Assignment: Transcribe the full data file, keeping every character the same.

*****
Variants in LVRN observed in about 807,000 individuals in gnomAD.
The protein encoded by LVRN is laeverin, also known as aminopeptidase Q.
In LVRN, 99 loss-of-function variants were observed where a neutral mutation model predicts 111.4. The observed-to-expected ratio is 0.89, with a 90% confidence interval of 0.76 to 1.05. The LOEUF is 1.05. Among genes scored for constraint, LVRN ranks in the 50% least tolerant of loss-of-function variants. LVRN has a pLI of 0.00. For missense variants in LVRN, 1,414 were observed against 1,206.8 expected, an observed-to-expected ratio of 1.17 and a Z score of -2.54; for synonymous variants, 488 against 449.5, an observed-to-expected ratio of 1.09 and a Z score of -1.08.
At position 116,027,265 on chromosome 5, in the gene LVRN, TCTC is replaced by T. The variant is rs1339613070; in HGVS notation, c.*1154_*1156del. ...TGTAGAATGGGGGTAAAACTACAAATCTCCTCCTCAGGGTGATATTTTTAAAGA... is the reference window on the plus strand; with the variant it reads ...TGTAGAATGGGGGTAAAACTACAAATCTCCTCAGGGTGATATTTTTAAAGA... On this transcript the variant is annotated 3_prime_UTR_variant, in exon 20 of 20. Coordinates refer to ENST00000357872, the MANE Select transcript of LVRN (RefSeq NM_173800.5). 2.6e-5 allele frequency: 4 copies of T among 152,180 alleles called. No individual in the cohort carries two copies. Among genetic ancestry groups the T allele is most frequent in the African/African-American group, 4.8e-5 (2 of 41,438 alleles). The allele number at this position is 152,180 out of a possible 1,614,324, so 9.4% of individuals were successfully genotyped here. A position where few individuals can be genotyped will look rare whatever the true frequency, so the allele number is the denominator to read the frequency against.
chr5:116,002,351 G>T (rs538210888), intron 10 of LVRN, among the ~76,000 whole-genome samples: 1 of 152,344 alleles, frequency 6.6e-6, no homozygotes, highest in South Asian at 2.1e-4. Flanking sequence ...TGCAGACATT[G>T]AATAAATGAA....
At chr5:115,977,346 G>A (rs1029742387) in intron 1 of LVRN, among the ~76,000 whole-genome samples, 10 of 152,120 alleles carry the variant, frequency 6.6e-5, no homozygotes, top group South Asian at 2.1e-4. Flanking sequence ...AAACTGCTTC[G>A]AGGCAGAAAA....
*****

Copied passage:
Variants in LVRN observed in about 807,000 individuals in gnomAD.
The protein encoded by LVRN is laeverin, also known as aminopeptidase Q.
In LVRN, 99 loss-of-function variants were observed where a neutral mutation model predicts 111.4. The observed-to-expected ratio is 0.89, with a 90% confidence interval of 0.76 to 1.05. The LOEUF is 1.05. Among genes scored for constraint, LVRN ranks in the 50% least tolerant of loss-of-function variants. LVRN has a pLI of 0.00. For missense variants in LVRN, 1,414 were observed against 1,206.8 expected, an observed-to-expected ratio of 1.17 and a Z score of -2.54; for synonymous variants, 488 against 449.5, an observed-to-expected ratio of 1.09 and a Z score of -1.08.
At position 116,027,265 on chromosome 5, in the gene LVRN, TCTC is replaced by T. The variant is rs1339613070; in HGVS notation, c.*1154_*1156del. ...TGTAGAATGGGGGTAAAACTACAAATCTCCTCCTCAGGGTGATATTTTTAAAGA... is the reference window on the plus strand; with the variant it reads ...TGTAGAATGGGGGTAAAACTACAAATCTCCTCAGGGTGATATTTTTAAAGA... On this transcript the variant is annotated 3_prime_UTR_variant, in exon 20 of 20. Coordinates refer to ENST00000357872, the MANE Select transcript of LVRN (RefSeq NM_173800.5). 2.6e-5 allele frequency: 4 copies of T among 152,180 alleles called. No individual in the cohort carries two copies. Among genetic ancestry groups the T allele is most frequent in the African/African-American group, 4.8e-5 (2 of 41,438 alleles). The allele number at this position is 152,180 out of a possible 1,614,324, so 9.4% of individuals were successfully genotyped here. A position where few individuals can be genotyped will look rare whatever the true frequency, so the allele number is the denominator to read the frequency against.
chr5:116,002,351 G>T (rs538210888), intron 10 of LVRN, among the ~76,000 whole-genome samples: 1 of 152,344 alleles, frequency 6.6e-6, no homozygotes, highest in South Asian at 2.1e-4. Flanking sequence ...TGCAGACATT[G>T]AATAAATGAA....
At chr5:115,977,346 G>A (rs1029742387) in intron 1 of LVRN, among the ~76,000 whole-genome samples, 10 of 152,120 alleles carry the variant, frequency 6.6e-5, no homozygotes, top group South Asian at 2.1e-4. Flanking sequence ...AAACTGCTTC[G>A]AGGCAGAAAA....